If the dough has been kept in the refrigerator overnight, it will take up to two hours to warm up. If the temperature of the room is cold and the size of the prepared dough is large, it may be able to sit out for longer. Low amounts of levain award the dough a longer (slower) proofing duration.

How long can I keep bread dough in the refrigerator?

Dough in fridge

After the dough is kneaded, place it in a mixing bowl that’s large enough to allow it to double. Cover with plastic wrap or a tight-fitting seal and place the dough in the refrigerator. The dough will last three days in the refrigerator and can last up to five, though a slight degradation in quality should be expected.

How long can pizza dough be left out?

Authentic Neapolitan pizza dough contains a small amount of yeast, which is left out longer than standard bread dough. If the temperature is cool enough, pizza dough can be left for up to 24 hours.

Can I leave pizza dough out all day or overnight?

Yes. Use yeast at a rate below 1% of the weight of the flour. The temperature of the proofing environment should be below 18C (64F)to prevent it from over-proofing.

Can you leave dough to rise overnight at room temperature?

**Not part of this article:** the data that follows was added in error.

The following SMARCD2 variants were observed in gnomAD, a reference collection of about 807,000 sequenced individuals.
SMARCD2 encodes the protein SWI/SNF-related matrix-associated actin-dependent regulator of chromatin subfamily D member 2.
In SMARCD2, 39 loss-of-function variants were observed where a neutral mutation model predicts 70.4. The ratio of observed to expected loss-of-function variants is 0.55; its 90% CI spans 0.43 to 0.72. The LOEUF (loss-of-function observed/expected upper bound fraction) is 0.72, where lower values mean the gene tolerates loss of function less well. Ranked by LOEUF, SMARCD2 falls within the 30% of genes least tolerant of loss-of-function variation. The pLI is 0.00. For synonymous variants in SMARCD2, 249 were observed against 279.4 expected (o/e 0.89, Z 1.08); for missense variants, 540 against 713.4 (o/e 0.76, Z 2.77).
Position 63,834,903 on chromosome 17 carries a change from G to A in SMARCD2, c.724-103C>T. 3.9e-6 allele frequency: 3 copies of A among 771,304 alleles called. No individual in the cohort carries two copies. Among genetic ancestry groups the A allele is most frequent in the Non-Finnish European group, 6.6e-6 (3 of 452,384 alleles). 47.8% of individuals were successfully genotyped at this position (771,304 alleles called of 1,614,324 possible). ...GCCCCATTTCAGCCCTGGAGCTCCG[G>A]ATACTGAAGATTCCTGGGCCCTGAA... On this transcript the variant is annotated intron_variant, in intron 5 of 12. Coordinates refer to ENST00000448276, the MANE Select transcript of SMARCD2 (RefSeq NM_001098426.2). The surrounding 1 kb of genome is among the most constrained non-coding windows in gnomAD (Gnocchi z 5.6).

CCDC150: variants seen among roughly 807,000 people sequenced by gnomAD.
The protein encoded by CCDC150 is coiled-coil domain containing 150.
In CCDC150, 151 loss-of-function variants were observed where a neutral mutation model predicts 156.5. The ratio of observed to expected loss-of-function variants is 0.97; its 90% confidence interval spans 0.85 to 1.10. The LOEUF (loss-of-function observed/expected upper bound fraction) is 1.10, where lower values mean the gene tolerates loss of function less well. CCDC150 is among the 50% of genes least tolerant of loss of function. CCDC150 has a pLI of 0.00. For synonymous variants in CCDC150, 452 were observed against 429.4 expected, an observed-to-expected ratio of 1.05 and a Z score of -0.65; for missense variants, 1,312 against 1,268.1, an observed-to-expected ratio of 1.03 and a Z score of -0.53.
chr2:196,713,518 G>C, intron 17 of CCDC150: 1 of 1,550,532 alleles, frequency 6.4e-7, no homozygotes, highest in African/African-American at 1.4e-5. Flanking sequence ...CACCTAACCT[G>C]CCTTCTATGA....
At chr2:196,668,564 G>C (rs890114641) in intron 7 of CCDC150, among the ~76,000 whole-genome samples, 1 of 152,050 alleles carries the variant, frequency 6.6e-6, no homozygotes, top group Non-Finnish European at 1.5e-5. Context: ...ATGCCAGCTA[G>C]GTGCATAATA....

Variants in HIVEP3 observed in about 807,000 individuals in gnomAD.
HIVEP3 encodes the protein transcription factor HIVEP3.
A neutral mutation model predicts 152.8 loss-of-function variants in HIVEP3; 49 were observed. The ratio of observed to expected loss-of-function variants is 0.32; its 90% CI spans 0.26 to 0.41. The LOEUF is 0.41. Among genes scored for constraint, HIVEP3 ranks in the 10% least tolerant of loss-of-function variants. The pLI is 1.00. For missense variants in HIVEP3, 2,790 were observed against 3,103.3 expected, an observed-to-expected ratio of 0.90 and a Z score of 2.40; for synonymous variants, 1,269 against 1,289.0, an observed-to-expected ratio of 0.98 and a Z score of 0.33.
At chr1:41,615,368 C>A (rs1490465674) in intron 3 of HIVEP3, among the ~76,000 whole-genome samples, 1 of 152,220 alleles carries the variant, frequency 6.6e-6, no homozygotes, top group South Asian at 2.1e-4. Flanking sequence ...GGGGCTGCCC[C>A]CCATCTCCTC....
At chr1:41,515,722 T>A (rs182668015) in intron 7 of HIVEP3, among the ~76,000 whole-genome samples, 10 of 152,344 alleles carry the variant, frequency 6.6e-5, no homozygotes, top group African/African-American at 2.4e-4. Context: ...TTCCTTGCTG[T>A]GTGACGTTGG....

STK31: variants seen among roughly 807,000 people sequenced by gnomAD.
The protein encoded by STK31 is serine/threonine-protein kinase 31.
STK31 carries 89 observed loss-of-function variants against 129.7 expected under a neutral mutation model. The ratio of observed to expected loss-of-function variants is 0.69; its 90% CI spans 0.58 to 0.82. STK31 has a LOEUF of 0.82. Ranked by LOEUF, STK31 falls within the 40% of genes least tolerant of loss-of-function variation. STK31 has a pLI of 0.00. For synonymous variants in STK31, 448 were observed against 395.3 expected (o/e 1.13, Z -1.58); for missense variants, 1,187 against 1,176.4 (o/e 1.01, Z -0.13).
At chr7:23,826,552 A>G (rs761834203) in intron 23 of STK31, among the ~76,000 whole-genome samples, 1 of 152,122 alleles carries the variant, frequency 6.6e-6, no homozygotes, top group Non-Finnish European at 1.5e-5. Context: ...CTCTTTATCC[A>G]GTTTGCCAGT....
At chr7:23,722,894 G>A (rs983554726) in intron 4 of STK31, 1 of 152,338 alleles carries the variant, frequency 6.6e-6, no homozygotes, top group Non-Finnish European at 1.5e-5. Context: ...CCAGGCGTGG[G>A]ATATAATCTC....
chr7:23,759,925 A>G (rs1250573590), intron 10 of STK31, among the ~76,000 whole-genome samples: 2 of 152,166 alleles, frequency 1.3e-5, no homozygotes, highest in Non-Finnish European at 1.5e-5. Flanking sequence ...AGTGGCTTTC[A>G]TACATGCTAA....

Dough that’s left to rise at room temperature typically takes between two and four hours to double in size. If left overnight, the dough can rise so high it will likely collapse on the weight of itself, making the dough deflate. For best results, always keep the dough in the refrigerator when leaving it to rise overnight.

Can I leave dough with eggs in it overnight?

If the eggs were previously stored in the refrigerator, they will sweat as they warm to the temperature of the room. This encourages bacteria to grow. It is best not to leave dough out that contains eggs for more than two hours.

Source: U.S. Department of agriculture

What can I do with dough that’s overproofed?

If the dough becomes overly gassy during the bulk fermentation phase, consider popping it in an oiled tray to turn it into focaccia. Pizza, though not as open-airy, can work well too. Worst case, bake it in a tin, and it can always be turned into croutons.


The standard time dough can be left out for is 4 hours. But this can change depending on the ingredients used and the baking methods used. The use of science to study the bacteria growth generated during the baking process should be acknowledged. There is an element of watching the dough to see when it’s ready to move on to the next stage of the process.

To find out more about the length of time dough should sit out, you may want to view the articles I’ve written on proofing and bulk fermentation. Let me know in the comments below if I’ve answered your question, and don’t forget to subscribe to the weekly email below!

If you’ve enjoyed this article and wish to treat me to a coffee, you can by following the link below – Thanks x

Buy Me A Coffee

Keep up to date with the latest Articles, Recipes & Bread Baking info by joining my mailing list

Join The Weekly Bread Baker's Newsletter!

Join my weekly baking newsletter to be notified with the latest bread baking tips and trends.
Busby's Bakery

© Busby's Bakery. All rights reserved.
Designed by Joe Joubert.